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ROBERT SIEGEL, host:

From NPR News, this is ALL THINGS CONSIDERED. I'm Robert Siegel.

NOAH ADAMS, host:

And I'm Noah Adams.

Charles Gibson, the chief anchor of ABC's "World News," will step down at the end of the year. Gibson is to be replaced by a familiar figure, Diane Sawyer. She is his former co-host on "Good Morning America."

NPR's David Folkenflik has the story.

DAVID FOLKENFLIK: Charles Gibson had actually promised his wife that he was about ready to step down back in 2006, but the death of long-time anchor Peter Jennings was followed by the ill-fated pairing of Bob Woodruff and Elizabeth Vargas. When Woodruff was severely wounded by an attack in Iraq, ABC News president David Westin turned to Gibson.

Mr. DAVID WESTIN (President, ABC News): He invariably got the tone right. He would recognize when there was emotion in a story and bring that to the story without moving over into sentimentality.

FOLKENFLIK: The 66-year-old Gibson has been an avuncular presence who was unafraid of mixing it up, as in this interview with Republican vice presidential candidate Sarah Palin.

Mr. CHARLES GIBSON (Anchor, "World News"): I got lost in a blizzard of words there. Is that a yes?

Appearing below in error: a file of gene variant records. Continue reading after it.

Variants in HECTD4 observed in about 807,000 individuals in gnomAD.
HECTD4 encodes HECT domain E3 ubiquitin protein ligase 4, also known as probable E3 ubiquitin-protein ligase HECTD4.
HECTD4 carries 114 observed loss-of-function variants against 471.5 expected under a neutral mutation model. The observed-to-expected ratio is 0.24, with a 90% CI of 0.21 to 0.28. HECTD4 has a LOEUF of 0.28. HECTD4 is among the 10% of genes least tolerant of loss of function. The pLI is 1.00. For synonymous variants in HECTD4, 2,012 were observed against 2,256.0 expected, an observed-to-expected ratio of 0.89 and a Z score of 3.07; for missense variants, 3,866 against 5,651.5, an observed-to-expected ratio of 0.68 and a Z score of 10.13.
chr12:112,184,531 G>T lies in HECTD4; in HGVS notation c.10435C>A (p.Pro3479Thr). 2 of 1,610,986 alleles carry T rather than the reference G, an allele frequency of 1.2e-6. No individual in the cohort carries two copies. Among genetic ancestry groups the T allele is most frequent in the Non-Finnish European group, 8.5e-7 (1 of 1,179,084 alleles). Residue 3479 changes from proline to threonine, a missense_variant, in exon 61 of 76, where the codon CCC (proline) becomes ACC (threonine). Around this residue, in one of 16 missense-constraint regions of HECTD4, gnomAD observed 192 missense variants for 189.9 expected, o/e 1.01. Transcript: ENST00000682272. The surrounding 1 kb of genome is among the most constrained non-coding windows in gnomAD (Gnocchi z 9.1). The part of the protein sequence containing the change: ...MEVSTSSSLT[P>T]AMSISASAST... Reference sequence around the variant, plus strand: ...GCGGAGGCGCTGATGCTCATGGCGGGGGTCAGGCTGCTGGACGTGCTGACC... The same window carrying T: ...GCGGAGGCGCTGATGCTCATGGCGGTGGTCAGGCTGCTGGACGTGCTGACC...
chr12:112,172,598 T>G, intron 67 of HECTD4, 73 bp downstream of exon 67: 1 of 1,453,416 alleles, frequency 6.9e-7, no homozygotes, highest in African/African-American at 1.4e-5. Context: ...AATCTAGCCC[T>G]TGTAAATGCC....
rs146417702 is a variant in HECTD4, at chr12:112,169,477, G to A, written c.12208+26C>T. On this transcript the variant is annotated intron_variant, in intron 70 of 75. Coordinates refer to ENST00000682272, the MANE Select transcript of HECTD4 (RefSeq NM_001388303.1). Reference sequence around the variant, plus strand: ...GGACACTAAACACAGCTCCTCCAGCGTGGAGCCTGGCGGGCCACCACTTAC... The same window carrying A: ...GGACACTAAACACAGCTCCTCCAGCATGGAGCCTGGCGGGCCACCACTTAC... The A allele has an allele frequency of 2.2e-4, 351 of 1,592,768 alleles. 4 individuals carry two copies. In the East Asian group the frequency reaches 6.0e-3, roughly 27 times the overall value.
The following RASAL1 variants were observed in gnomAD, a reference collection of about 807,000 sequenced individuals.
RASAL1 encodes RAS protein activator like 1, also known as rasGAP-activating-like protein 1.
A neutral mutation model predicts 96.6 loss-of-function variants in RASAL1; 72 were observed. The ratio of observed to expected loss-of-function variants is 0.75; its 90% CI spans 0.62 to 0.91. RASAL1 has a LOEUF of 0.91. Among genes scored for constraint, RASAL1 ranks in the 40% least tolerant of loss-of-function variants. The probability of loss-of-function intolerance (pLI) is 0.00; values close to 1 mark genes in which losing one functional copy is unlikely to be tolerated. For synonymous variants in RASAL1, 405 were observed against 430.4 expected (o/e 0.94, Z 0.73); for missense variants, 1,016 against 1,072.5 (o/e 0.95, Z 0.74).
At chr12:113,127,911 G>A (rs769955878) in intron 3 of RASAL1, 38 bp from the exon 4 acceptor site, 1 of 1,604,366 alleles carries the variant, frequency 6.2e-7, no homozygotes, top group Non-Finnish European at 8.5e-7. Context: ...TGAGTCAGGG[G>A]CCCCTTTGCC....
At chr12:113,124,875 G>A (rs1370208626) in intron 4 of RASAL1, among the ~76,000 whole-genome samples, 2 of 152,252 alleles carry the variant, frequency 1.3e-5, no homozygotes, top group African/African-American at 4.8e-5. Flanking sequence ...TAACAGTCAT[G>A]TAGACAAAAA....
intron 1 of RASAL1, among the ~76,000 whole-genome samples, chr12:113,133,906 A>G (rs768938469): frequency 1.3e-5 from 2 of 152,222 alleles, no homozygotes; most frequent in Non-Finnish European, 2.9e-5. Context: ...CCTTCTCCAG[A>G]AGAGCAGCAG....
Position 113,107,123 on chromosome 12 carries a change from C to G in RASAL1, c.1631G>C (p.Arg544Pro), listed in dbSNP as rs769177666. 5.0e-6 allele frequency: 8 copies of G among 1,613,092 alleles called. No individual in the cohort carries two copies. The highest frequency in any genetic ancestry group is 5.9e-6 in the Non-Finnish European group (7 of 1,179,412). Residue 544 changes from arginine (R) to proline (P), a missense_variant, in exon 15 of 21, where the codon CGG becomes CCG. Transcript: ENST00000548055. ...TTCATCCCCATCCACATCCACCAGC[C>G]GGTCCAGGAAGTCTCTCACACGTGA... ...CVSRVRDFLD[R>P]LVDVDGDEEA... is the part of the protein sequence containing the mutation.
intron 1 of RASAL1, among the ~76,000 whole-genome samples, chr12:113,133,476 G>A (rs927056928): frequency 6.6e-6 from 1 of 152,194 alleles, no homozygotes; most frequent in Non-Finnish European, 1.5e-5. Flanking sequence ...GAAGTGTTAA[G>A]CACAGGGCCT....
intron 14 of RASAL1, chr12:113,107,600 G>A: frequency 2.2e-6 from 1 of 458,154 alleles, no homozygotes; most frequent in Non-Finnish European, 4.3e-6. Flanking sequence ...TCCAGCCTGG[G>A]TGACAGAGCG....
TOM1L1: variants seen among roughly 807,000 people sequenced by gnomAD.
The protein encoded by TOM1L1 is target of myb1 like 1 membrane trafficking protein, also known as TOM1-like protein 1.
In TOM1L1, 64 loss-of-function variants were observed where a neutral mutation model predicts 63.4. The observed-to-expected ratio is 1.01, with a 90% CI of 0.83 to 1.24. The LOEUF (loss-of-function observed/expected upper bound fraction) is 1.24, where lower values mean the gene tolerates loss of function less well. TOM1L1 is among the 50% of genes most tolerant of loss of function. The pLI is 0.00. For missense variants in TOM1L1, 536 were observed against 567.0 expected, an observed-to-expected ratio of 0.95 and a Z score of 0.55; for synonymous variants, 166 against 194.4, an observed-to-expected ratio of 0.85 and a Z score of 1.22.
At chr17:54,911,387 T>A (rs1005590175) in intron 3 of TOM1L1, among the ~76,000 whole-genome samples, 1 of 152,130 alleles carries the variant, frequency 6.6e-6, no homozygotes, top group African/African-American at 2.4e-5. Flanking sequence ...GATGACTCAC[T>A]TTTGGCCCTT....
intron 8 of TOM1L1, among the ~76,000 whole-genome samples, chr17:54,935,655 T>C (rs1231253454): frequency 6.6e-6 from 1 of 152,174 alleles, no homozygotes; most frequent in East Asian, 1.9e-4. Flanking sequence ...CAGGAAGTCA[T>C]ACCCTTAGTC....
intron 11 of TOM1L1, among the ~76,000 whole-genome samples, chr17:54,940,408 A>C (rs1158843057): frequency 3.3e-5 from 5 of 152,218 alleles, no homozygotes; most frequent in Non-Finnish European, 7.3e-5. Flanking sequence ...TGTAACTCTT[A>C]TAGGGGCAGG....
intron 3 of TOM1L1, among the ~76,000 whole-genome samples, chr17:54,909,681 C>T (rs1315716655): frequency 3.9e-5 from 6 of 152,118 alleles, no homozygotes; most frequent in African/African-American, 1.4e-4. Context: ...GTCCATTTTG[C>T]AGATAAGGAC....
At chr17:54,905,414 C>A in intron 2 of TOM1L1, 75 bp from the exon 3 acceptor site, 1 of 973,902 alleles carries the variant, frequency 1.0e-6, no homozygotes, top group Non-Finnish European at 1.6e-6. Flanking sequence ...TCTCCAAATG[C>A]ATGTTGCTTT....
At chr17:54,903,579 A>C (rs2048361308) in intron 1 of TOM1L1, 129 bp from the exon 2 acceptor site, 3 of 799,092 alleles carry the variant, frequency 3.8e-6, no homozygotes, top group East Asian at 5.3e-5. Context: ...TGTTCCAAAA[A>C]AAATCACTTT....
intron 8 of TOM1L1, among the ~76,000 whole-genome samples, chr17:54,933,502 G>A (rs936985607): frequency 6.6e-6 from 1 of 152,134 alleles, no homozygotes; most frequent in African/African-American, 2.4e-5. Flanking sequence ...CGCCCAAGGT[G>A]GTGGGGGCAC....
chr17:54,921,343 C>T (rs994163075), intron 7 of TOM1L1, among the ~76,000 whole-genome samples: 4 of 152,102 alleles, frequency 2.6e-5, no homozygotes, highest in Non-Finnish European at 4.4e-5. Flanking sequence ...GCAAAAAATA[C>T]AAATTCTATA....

FOLKENFLIK: Or a Democratic debate where his questioning drew jeers.

Mr. GIBSON: The crowd's turning on me.

(Soundbite of laughter)

Mr. GIBSON: The crowd is turning on me. We'll be back in one minute.

FOLKENFLIK: Gibson stabilized the newscast and brought it to a ratings lead. It's now a strong second place to the NBC "Nightly News." Now, the 63-year-old Diane Sawyer will follow his path. David Westin said Sawyer could have lobbied for the job three years ago but supported Gibson instead.

Mr. WESTIN: She has more than paid her dues, and she has waited her turn. This is the right time for Diane.

FOLKENFLIK: Sawyer got her start in Washington as a young press aide in the Nixon White House, then joined CBS's Washington bureau as a State Department reporter and was later a correspondent for "60 Minutes." She jumped to ABC to host "Prime Time Live" and "Good Morning America," where she interviewed world leaders and performed such stunts as standing on her head for a young Elian Gonzalez. She'll take over "World News" in January. And then, for the first time, two of the three solo anchors on the prestigious network evening newscasts will be women.

David Folkenflik, NPR News, New York.

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